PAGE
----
Presumptions were removed in 2003 when Michigan changed its drunk driving laws and lowered the legal limit to .08. This is a significant change because it means that without presumptions, a person can be charged with an OWI even if their BAC is below .07. The only protection for those charged with a OWI who are under the .07 is that a prosecutor must prove that a person’s ability to operate a motor vehicle was substantially diminished due to their alcohol consumption.
Penalties for DUI And OWI Charges
Michigan has very strict penalties for those convicted of OWI. Those convicted can face long-term hardships and restrictions on their driving privileges, or the removal of their privileges altogether. There several different levels of penalties depending on whether or not the defendant has been previously convicted of OWI, and/or how many prior OWI convictions they have. The first conviction carries the lightest penalties, and subsequent convictions will result in more severe fines and penalties, including felony charges and prison sentences.
For a first offense, defendants are usually charged with misdemeanor OWI. This includes jail time of up to 93 days and fines of up to $500. Depending on the circumstances of the offense and the discretion of the judge, a defendant may be required to perform 360 hours of community service and participate in a court approved alcohol and drug education program. If death or serious bodily injury occurs as a result of the defendants OWI, then it can be charged as a felony with increased penalties and fines.
A second OWI offense is similar in punishment to a first offense as it is a misdemeanor with similar types of punishment. However, the penalties are significantly increased for a second offense, with the potential of up to one year in jail, fines of up to $1000, mandatory vehicle immobilization and a minimum of a one year license revocation.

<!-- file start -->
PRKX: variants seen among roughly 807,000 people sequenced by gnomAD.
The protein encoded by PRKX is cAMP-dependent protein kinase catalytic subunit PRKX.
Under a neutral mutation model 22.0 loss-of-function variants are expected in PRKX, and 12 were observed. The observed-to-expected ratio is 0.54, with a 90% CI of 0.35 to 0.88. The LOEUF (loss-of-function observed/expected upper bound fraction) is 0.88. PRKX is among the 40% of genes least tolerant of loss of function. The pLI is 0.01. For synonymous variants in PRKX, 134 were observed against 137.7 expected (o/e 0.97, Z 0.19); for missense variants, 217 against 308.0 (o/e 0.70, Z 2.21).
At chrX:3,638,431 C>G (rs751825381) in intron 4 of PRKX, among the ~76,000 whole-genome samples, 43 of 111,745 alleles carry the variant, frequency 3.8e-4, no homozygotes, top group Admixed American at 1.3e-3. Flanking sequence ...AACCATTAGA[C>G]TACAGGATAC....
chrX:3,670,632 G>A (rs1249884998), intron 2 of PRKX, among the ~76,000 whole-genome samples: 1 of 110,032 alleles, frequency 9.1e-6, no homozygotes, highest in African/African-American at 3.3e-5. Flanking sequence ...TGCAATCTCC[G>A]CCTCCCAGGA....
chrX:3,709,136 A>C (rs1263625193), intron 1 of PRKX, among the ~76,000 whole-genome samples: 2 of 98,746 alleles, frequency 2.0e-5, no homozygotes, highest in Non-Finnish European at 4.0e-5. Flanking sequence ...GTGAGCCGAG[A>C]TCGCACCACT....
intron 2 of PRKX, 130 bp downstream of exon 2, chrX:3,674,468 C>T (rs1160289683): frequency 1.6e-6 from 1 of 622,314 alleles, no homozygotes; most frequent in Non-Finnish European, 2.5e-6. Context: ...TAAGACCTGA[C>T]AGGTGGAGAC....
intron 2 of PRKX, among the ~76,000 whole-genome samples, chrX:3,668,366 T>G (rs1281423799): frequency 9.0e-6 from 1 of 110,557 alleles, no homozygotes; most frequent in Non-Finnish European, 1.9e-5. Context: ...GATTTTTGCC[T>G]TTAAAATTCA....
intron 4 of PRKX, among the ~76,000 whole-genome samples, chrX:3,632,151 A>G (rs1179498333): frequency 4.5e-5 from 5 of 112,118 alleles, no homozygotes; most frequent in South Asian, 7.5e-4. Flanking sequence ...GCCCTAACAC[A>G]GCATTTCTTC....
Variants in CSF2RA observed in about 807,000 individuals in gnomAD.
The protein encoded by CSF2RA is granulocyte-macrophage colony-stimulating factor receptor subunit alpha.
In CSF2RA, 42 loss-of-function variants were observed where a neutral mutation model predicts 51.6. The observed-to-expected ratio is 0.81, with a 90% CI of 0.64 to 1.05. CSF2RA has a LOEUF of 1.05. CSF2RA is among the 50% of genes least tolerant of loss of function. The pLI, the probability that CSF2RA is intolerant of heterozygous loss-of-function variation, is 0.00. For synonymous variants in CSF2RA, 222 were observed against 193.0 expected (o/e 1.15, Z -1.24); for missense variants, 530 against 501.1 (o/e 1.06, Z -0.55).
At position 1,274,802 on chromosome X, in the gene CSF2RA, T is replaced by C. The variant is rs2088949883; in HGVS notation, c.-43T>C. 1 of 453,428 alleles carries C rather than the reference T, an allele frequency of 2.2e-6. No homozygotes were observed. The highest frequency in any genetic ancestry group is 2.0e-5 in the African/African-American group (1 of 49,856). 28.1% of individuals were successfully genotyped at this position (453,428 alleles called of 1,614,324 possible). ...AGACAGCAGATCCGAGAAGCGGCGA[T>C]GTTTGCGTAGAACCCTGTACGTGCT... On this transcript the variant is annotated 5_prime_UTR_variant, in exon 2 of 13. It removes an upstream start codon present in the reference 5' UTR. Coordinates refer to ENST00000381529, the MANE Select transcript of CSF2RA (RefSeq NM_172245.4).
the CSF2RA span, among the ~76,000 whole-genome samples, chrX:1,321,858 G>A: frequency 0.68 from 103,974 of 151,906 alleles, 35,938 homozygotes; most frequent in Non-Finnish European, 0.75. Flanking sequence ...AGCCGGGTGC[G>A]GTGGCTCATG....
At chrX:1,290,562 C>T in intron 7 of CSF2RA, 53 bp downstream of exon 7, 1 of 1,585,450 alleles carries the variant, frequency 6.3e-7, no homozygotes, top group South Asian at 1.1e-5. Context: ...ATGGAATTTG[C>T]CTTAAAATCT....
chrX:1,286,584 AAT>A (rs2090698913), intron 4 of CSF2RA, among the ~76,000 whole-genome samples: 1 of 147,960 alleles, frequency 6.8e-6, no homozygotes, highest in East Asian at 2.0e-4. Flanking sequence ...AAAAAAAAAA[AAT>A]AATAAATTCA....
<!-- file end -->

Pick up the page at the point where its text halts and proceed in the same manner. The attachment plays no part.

After the offenders license is reinstated, there is a probationary period which requires the installation of an ignition interlock (breathalyzer) device, which is required to be used every time the vehicle is operated. Depending on the circumstances surrounding the offense, there is a possibility of community 30 to 90 days of required community service. As with the first offense, if the defendant’s actions resulted in serious bodily injury or death, then a second offense OWI will be charged as a felony with significantly increased penalties and jail time.
Third and subsequent OWI offenses are the most serious and are charged as felonies by default in Michigan. Those convicted face up to five years in prison, fines of up to $5000, drivers license revocation, forfeiture of their vehicle and mandatory community service of up to 180 hours. Drivers license reinstatement after a third offense is extraordinarily difficult, and isn’t even an option in most cases until at least five years after the last conviction. Even then, ignition interlock devices are required to be able to operate a vehicle during the probationary period.